I’ve long been a proponent of Stand Your Ground laws. I don’t believe someone should be prosecuted for not trying to run away when faced with a deadly threat. While there are some cases that might make more sense–a mass shooting in a mall when you’re there with your family on the opposite side of the building, for example–there are others when there may not be an opportunity to even look for a way out.

Duty To Retreat laws allow prosecutors to play Monday morning quarterback and penalize people for not making the same assessment in the heat of the moment that the DA’s office does days after the fact.

That’s just not right.

Yet a new study suggests that the law actually leads to an increase in homicides.

Credible research indicating a link between stand-your-ground laws and an increase in firearm homicides should persuade states that have passed such laws to repeal them, says a RAND study.

More than two-thirds of states now have laws on the books giving individuals the right to use deadly force in self-defense if they feel threatened. The measures, some of which explicitly remove the “duty to retreat” when faced with what is perceived as a life-threatening assault at home or place of work, were promoted as a deterrence measure that would save lives.

But there is “supportive evidence” from research studies that the laws “actually make people less safe, and instead more likely to be the victim of a firearm homicide,” RAND said.

As a result, RAND argued, “states with stand-your-ground laws should consider repealing them as a strategy for reducing firearm homicides.”

The recommendation was contained in a review of studies by dozens of researchers investigating the impact of U.S. firearms policies released Wednesday under RAND’s  Gun Policy of America Initiative.

The study also yielded a couple of bits that might be of interest to the pro-gun side, namely that right-to-carry laws don’t seem to increase violent crime and even laws barring those with mental health issues from having guns doesn’t seem to accomplish much of anything either.

But the slam against the Stand Your Ground laws are a big deal, right?

Well, yes and no.

The RAND study is a metastudy, which is typically the highest form of research, which looks at a number of other studies and puts things together based on that. In fact, this is based on seven studies that RAND picked because they didn’t appear to have flawed methodologies.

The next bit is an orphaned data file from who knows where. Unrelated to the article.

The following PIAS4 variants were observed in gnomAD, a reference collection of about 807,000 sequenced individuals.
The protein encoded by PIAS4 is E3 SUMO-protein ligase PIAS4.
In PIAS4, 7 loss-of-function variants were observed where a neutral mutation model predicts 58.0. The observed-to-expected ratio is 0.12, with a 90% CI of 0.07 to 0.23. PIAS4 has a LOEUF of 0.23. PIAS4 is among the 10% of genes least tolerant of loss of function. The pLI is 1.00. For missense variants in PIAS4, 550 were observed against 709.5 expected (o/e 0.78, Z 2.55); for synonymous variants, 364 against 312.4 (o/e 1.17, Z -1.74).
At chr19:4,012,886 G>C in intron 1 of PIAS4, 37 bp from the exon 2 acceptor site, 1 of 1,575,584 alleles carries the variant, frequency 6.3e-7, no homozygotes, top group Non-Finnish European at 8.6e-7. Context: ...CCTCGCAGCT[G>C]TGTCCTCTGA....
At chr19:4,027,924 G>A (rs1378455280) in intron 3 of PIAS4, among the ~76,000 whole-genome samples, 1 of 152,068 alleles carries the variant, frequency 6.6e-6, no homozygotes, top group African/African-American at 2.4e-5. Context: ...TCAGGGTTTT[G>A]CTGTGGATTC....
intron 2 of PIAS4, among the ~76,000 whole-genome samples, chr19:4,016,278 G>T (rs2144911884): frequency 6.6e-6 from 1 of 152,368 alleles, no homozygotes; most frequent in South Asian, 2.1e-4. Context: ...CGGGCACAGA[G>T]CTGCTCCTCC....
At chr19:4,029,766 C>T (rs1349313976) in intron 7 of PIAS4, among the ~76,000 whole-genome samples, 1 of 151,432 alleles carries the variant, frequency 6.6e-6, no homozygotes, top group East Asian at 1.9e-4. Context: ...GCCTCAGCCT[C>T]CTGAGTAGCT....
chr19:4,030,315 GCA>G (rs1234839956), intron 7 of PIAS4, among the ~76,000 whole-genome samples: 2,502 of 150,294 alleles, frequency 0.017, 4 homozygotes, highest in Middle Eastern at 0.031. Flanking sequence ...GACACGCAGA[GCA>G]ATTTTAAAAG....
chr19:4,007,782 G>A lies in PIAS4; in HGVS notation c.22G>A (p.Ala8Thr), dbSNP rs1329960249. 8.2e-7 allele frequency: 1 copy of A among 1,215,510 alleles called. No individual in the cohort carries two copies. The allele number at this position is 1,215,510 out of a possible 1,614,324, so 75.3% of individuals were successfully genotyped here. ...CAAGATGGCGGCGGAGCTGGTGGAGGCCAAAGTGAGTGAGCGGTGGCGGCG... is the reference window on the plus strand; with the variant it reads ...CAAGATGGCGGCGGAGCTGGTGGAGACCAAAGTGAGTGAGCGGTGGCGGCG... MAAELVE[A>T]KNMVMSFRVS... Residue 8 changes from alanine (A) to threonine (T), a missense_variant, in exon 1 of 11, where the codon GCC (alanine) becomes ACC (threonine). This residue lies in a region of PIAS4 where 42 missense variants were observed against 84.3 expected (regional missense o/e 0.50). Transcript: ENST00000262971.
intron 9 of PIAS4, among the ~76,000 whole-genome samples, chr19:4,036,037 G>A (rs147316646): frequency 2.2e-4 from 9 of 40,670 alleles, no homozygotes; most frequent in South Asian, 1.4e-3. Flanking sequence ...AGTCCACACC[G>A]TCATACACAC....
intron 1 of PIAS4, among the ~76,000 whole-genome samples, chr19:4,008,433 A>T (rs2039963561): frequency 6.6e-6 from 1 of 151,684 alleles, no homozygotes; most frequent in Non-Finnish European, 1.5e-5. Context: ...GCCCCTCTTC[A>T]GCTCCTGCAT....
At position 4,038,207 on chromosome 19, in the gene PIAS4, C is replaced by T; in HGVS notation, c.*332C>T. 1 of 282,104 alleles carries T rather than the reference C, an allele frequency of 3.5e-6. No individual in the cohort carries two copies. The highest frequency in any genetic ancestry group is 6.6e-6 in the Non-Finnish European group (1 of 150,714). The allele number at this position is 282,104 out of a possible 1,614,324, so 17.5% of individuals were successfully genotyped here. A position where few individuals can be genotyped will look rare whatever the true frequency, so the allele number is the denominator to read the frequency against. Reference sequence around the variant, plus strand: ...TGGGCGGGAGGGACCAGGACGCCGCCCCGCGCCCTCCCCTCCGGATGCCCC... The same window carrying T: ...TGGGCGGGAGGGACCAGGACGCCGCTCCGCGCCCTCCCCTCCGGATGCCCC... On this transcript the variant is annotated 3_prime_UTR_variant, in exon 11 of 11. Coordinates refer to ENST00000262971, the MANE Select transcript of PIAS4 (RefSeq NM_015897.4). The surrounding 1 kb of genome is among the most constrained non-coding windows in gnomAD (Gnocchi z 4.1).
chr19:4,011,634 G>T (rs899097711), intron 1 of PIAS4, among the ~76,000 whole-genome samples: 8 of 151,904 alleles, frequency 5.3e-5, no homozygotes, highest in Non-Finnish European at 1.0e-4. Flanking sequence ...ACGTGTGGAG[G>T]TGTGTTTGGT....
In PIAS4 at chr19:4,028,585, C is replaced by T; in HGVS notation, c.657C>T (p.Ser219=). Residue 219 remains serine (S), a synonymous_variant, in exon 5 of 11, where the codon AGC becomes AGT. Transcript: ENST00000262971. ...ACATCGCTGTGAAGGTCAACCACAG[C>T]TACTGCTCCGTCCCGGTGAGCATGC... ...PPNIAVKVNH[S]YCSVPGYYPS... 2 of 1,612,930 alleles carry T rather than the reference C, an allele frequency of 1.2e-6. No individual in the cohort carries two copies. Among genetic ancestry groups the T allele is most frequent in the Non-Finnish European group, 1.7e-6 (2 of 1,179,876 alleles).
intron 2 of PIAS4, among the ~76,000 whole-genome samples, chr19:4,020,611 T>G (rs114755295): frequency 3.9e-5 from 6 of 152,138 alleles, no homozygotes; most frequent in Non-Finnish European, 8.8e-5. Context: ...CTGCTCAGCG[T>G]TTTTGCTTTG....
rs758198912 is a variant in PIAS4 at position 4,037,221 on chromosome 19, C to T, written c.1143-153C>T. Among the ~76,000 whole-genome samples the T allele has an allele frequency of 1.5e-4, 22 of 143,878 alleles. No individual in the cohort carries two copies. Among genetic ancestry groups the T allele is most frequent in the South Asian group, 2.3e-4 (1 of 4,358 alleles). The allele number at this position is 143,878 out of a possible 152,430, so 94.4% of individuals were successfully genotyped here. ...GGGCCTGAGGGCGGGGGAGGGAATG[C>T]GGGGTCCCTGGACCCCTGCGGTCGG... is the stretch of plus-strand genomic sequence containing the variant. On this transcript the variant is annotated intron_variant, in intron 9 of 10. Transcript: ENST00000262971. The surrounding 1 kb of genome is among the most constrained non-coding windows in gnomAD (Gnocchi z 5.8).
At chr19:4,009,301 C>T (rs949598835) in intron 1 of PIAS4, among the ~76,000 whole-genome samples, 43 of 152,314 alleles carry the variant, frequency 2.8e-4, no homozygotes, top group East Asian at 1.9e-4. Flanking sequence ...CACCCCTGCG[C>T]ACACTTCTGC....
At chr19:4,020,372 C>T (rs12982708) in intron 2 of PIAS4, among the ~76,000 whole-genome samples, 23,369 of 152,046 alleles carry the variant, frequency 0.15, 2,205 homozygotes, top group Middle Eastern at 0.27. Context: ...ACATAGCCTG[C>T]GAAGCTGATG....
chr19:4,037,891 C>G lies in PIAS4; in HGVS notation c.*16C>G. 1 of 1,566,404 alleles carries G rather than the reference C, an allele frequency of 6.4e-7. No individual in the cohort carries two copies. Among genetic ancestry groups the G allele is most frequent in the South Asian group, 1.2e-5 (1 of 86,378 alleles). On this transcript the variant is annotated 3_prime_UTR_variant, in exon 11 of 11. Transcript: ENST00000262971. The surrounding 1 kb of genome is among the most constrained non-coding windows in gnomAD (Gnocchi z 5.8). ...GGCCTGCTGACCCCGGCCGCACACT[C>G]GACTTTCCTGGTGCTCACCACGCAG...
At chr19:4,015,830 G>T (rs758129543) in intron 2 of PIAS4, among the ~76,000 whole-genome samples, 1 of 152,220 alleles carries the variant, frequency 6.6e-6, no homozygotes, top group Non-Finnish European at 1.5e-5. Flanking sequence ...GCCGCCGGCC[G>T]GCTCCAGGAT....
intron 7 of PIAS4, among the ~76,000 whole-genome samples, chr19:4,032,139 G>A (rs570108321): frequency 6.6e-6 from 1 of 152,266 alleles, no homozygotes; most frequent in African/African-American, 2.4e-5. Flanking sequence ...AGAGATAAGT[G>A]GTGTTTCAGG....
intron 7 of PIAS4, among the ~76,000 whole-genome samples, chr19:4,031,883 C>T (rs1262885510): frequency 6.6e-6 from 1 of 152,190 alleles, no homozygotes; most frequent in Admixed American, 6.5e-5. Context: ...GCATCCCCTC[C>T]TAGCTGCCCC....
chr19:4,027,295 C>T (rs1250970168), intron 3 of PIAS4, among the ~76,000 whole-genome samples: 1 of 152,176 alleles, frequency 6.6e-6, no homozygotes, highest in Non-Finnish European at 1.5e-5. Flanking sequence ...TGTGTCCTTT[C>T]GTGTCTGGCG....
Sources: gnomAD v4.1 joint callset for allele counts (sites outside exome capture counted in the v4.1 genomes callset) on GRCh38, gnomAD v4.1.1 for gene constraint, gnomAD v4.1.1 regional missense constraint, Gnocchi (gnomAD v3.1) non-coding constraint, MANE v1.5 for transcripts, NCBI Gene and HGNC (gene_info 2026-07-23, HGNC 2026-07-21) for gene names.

RAND found “supportive evidence” suggesting that Stand Your Ground Laws might lead to an increase in firearm homicides. They found no evidence that such laws lead to an increase in violent crime in general and only moderate evidence that it leads to an increase in total homicides.

Which, of course, leads one to ask, “Why?”

It’s important to understand one big flaw that all of these studies are going to have, and that’s the fact that they find correlation, not causation. While the studies in question recorded an increase in gun homicides during the given period, they generally don’t account for other factors that might have also led to an increase in homicides.

The metastudy also didn’t account for any potential bias among researchers as a whole, either. I’m not saying that there was any, but based on what we’ve seen out of so many other studies, I have to question how vigorous the peer review processes on these studies were in the first place, especially if it told them what they wanted to hear.

Of course, it’s also possible that it’s dead-on accurate. I can imagine untrained people deciding that since they don’t have to retreat, they won’t, so they start fumbling with their clothing to get their firearm, only to get shot. I can also see people without a gun thinking the law means something completely different and getting shot as a result.

After all, all laws have unintended consequences, and Stand Your Ground laws aren’t any different. It’s possible that one such consequence is that stupid people are doing new stupid things and are getting shot as a result.

The thing is, it doesn’t matter. Stand Your Ground laws are about keeping people from being prosecuted for defending their own life. Plain and simple. I refuse to give up that right so that the government can try to cushion me from threats only to make me more vulnerable to others. They can trot out all the studies they want to claim whatever they want. It doesn’t matter, nor should it.

Freedom isn’t safe. It’s messy and scary, which is why so many people don’t want anything to do with it, but without freedom, you’re at the mercy of tyrants and history shows us how little mercy tyrants actually have.